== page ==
The Direction Of The Dependency | NetEngine

The Direction Of The Dependency

Erik Friday, 26 February 2016

When projects grow they become hard to change. One aspect that is not often highlighted is dependency direction. I haven’t found much material on the topic, maybe the best ideas came from this talk by Sandi Metz “Less, the path to a better design”.

Some of the main points of Sandi’s talk

The purpose of design is to reduce the cost of change, anything else is not design. Managing dependencies is at the heart of design.

According to the Stable Dependencies Principle

[The dependency] should be in the direction of the stability “Stable” roughly means “hard to change”

But then:

if you don’t know what types of changes are likely, it is best to wait and see what happens as the system evolves.

Sandi’s main point in her talk is that dependency direction is a choice, and:

[17:55] Uncertainty is not a license to guess, it’s a directive to decouple.

And the last pill of wisdom:

Don’t guess what changes will come, guess what will change

Which, quickly explained here, is about applying the open / closed principle when the code you’re writing might change.

Every class used in your application can be ranked along a scale of how likely it is to undergo a change relative to all other classes. - Sandi Metz POODR, Chapter 3, pg 54

My suggestions to choosing navigability

The class diagram of the app can express navigability with the slim arrow (->). The navigability determines the dependency direction. When in doubt about a dependency direction, we can follow the class diagram.

An example

    ######################
    # Less stable solution
    class Controller
      def action
        purchase.cost
      end
    end

    class Purchase
      has_many :line_items, inverse_of: :purchase

      # `cost` is an external dependency
      def cost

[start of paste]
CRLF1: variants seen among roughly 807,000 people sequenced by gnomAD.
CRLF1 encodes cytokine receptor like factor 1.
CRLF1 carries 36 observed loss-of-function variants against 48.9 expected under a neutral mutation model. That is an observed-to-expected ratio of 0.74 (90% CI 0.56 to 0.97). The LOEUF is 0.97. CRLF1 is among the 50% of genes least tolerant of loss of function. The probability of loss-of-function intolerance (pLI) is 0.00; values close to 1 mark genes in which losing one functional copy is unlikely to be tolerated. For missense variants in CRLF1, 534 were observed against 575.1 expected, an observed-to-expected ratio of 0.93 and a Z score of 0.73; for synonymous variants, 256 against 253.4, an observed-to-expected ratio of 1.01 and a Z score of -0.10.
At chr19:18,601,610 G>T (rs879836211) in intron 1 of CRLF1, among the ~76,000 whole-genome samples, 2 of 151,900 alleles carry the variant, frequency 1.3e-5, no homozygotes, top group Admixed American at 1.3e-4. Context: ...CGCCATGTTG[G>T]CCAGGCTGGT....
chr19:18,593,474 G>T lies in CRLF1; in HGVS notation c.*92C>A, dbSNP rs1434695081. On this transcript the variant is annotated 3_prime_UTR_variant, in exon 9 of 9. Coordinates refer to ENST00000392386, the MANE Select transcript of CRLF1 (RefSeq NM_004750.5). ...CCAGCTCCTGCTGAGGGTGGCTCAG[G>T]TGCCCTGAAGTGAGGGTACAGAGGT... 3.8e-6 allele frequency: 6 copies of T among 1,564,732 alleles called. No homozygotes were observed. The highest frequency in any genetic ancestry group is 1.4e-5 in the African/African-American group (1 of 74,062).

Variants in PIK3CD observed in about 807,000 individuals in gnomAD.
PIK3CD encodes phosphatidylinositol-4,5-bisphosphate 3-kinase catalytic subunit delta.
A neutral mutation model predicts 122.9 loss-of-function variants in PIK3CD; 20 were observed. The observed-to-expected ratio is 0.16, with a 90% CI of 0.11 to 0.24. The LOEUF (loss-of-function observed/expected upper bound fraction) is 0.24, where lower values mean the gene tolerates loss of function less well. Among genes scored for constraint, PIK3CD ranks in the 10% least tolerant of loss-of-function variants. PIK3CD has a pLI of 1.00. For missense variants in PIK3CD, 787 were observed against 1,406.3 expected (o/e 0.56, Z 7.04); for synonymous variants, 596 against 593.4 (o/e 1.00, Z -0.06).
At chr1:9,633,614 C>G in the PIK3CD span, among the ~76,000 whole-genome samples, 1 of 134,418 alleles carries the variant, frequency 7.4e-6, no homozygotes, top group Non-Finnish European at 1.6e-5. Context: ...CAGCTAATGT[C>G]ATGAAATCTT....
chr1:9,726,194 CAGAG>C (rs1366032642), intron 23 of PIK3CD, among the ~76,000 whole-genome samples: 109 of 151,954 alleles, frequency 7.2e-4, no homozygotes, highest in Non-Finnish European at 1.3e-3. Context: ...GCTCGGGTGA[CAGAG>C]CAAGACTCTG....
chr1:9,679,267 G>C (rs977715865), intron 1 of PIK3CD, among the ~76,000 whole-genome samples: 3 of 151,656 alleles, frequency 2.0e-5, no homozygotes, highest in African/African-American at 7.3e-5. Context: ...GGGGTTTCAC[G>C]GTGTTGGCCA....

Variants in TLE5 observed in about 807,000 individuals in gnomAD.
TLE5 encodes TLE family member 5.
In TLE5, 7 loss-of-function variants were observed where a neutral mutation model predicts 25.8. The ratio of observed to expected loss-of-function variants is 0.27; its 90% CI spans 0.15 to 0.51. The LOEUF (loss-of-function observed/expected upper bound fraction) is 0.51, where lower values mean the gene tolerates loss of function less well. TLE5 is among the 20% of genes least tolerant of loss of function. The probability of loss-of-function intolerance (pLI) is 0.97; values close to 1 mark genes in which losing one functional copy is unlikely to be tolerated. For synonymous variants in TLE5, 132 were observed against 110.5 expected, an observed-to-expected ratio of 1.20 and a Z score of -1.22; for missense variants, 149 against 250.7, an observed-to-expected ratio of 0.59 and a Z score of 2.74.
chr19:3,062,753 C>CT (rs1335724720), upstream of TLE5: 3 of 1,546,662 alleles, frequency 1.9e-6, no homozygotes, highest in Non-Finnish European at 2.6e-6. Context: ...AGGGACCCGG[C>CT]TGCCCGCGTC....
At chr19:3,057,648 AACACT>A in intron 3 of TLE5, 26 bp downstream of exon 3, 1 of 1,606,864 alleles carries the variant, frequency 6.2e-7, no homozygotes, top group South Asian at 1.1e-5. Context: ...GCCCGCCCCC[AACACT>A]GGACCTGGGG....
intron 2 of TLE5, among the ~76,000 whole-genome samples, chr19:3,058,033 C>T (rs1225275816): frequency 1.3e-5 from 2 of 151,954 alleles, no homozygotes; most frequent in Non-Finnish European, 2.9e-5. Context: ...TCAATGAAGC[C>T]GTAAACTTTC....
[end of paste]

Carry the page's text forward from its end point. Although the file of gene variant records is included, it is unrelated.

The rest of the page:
line_items.sum(:cost)
      end
    end

    class LineItem
      belongs_to :purchase, inverse_of: :line_items
    end

    ######################
    # More stable solution
    class Controller
      def action
        LineItem.total_cost_of(purchase)
      end
    end

    class Purchase
      has_many :line_items, inverse_of: :purchase
    end

    class LineItem
      belongs_to :purchase, inverse_of: :line_items

      # Only dealing with internal dependencies
      def self.total_cost_of(purchase)
        where(purchase: purchase).sum(:cost)
      end
    end

Most projects will have two god classes: User and whatever the focus happens to be for that application. In a blog application, it will be User and Post. - Thoughtbot, How much should I refactor

Instead of having a class User that knows about a bunch of unrelated concepts like posts, notifications, friends etc, you can easily picture a small User class that other resources depend on.

Conclusion

Either you do or don’t agree with this idea, I hope we all agree that choosing the dependency direction is an important factor to improve an app maintainability.

Dependency direction is a choice, and whether you noticed it or not, you just made one - Sandi Metz

This post is overlooking dependency injection, interfaces stable dependency principle on purpose.

Further readings:

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